If Bobi Wine became president, he has to reward his riffraff supporters with jobs. But they lack basic skills or experience for professional jobs. He cannot force the private sector to hire them. Neither can he recruit them into the state’s professional jobs. The only place he can hire them is in security services – army, police and intelligence organisations – which are always the dumping grounds of the lumpen supporters in poor countries. This brings us to their values, which will be reflected in their work.

The Bobi Wine supporters I encounter online are radical extremists – uncouth, anti-democratic, intolerant of dissent and heavily reliant on their prejudices and rumours of “facts” to guide their political decisions and actions. They dominate social media where they indulge in unrestrained cyberbullying – forgery, slander, blackmail and lies. If they can terrorize their opponents with the little power they have on social media, what would happen if they gained control of the state’s powerful instruments of repression like the police, the army and the prisons?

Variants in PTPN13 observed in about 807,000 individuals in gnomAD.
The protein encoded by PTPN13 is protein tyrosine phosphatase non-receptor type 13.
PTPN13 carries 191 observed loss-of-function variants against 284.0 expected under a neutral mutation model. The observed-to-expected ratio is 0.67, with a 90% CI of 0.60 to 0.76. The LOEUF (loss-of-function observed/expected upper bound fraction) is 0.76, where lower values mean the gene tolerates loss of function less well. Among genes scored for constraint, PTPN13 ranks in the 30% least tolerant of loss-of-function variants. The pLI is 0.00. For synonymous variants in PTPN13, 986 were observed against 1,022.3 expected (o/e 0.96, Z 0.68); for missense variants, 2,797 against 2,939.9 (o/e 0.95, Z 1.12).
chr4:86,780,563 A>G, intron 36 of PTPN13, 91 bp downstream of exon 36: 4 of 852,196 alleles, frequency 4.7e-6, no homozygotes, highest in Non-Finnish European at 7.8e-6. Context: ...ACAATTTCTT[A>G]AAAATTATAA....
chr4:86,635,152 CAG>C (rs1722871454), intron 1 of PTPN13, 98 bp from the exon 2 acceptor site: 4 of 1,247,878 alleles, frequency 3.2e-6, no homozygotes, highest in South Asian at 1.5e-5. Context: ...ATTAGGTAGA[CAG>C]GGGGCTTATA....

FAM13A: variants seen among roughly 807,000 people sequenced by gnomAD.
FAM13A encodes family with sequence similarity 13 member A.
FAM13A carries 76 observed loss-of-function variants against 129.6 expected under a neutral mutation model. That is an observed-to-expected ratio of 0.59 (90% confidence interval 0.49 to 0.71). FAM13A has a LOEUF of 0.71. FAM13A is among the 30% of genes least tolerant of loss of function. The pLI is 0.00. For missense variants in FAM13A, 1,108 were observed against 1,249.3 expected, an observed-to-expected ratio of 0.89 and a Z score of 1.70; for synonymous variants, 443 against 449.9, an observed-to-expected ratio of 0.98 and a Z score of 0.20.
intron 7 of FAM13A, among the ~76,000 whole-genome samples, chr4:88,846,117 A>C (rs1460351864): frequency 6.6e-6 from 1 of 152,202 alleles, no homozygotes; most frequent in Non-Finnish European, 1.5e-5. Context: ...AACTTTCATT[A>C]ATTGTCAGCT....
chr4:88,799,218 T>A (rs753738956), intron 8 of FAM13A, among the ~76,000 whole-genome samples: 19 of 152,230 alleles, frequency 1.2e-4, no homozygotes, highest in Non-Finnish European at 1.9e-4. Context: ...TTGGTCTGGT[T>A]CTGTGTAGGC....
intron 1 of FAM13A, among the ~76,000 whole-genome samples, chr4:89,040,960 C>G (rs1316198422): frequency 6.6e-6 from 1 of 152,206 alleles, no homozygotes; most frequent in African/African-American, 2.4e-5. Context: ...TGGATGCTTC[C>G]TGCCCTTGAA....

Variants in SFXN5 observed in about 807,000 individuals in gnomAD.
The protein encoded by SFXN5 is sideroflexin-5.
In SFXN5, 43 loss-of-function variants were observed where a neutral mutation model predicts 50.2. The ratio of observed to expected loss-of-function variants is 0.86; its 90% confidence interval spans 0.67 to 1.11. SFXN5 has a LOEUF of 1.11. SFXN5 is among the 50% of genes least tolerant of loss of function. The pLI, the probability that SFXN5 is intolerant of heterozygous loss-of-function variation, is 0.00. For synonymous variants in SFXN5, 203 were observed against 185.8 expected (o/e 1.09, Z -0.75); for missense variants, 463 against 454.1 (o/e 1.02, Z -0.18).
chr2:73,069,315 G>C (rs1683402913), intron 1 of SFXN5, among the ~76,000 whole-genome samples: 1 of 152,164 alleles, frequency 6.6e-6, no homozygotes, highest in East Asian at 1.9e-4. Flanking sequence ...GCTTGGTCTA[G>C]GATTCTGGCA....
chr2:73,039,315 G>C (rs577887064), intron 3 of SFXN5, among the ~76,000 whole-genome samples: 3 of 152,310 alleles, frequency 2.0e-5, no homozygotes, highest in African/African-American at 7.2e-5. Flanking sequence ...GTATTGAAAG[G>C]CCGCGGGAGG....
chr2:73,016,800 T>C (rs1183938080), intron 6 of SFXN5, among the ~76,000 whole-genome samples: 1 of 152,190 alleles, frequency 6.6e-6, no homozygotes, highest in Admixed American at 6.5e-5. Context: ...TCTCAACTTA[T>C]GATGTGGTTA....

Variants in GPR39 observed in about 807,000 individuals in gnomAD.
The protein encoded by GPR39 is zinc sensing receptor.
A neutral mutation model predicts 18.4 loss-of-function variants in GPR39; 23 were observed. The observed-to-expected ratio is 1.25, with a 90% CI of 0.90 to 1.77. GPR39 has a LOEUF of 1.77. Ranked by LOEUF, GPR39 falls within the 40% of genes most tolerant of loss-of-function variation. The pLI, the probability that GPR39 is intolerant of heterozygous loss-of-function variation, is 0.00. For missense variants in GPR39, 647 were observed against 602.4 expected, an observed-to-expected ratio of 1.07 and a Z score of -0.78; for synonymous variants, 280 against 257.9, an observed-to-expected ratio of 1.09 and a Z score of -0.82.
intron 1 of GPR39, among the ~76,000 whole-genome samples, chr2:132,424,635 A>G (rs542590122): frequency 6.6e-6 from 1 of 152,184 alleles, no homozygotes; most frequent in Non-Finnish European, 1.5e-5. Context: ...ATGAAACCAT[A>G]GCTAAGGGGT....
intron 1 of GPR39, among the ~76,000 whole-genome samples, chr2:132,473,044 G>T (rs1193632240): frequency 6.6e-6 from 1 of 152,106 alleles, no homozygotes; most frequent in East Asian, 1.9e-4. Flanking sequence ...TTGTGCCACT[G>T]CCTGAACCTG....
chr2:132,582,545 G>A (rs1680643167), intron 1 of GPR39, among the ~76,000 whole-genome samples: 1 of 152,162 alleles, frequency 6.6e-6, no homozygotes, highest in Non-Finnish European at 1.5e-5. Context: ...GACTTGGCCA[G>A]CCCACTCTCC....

Now under HE Bobi Wine, these lumpens will be the men and women in charge of Internal Security Organisation, police and army. They will be the ones collecting and analysing intelligence. President Bobi Wine himself will be intellectually handicapped to distinguish fiction from fact, slogans from policy. This is the raw material from which destructive tyrannies have historically been nurtured.